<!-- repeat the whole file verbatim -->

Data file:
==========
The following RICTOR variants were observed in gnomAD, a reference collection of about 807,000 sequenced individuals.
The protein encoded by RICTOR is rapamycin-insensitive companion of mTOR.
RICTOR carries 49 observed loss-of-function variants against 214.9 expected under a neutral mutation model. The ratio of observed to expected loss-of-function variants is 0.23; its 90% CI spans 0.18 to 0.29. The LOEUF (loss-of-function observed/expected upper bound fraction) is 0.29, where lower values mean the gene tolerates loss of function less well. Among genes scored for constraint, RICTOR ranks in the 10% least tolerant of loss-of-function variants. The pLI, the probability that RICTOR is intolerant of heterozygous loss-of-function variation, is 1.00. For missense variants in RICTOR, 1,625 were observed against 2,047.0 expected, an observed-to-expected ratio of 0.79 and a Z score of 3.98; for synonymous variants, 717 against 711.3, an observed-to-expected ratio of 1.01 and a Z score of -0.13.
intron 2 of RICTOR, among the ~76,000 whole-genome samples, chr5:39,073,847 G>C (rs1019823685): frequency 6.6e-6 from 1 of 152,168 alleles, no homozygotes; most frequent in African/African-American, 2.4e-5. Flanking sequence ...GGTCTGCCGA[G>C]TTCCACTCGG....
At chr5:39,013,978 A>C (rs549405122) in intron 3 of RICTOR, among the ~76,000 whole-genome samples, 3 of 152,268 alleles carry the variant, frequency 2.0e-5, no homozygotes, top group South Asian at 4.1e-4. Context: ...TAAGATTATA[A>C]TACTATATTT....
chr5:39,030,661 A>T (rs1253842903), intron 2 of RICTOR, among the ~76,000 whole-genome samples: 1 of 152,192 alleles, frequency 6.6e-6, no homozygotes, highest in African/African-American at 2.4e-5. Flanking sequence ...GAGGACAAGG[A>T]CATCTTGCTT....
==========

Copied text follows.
The following RICTOR variants were observed in gnomAD, a reference collection of about 807,000 sequenced individuals.
The protein encoded by RICTOR is rapamycin-insensitive companion of mTOR.
RICTOR carries 49 observed loss-of-function variants against 214.9 expected under a neutral mutation model. The ratio of observed to expected loss-of-function variants is 0.23; its 90% CI spans 0.18 to 0.29. The LOEUF (loss-of-function observed/expected upper bound fraction) is 0.29, where lower values mean the gene tolerates loss of function less well. Among genes scored for constraint, RICTOR ranks in the 10% least tolerant of loss-of-function variants. The pLI, the probability that RICTOR is intolerant of heterozygous loss-of-function variation, is 1.00. For missense variants in RICTOR, 1,625 were observed against 2,047.0 expected, an observed-to-expected ratio of 0.79 and a Z score of 3.98; for synonymous variants, 717 against 711.3, an observed-to-expected ratio of 1.01 and a Z score of -0.13.
intron 2 of RICTOR, among the ~76,000 whole-genome samples, chr5:39,073,847 G>C (rs1019823685): frequency 6.6e-6 from 1 of 152,168 alleles, no homozygotes; most frequent in African/African-American, 2.4e-5. Flanking sequence ...GGTCTGCCGA[G>C]TTCCACTCGG....
At chr5:39,013,978 A>C (rs549405122) in intron 3 of RICTOR, among the ~76,000 whole-genome samples, 3 of 152,268 alleles carry the variant, frequency 2.0e-5, no homozygotes, top group South Asian at 4.1e-4. Context: ...TAAGATTATA[A>C]TACTATATTT....
chr5:39,030,661 A>T (rs1253842903), intron 2 of RICTOR, among the ~76,000 whole-genome samples: 1 of 152,192 alleles, frequency 6.6e-6, no homozygotes, highest in African/African-American at 2.4e-5. Flanking sequence ...GAGGACAAGG[A>T]CATCTTGCTT....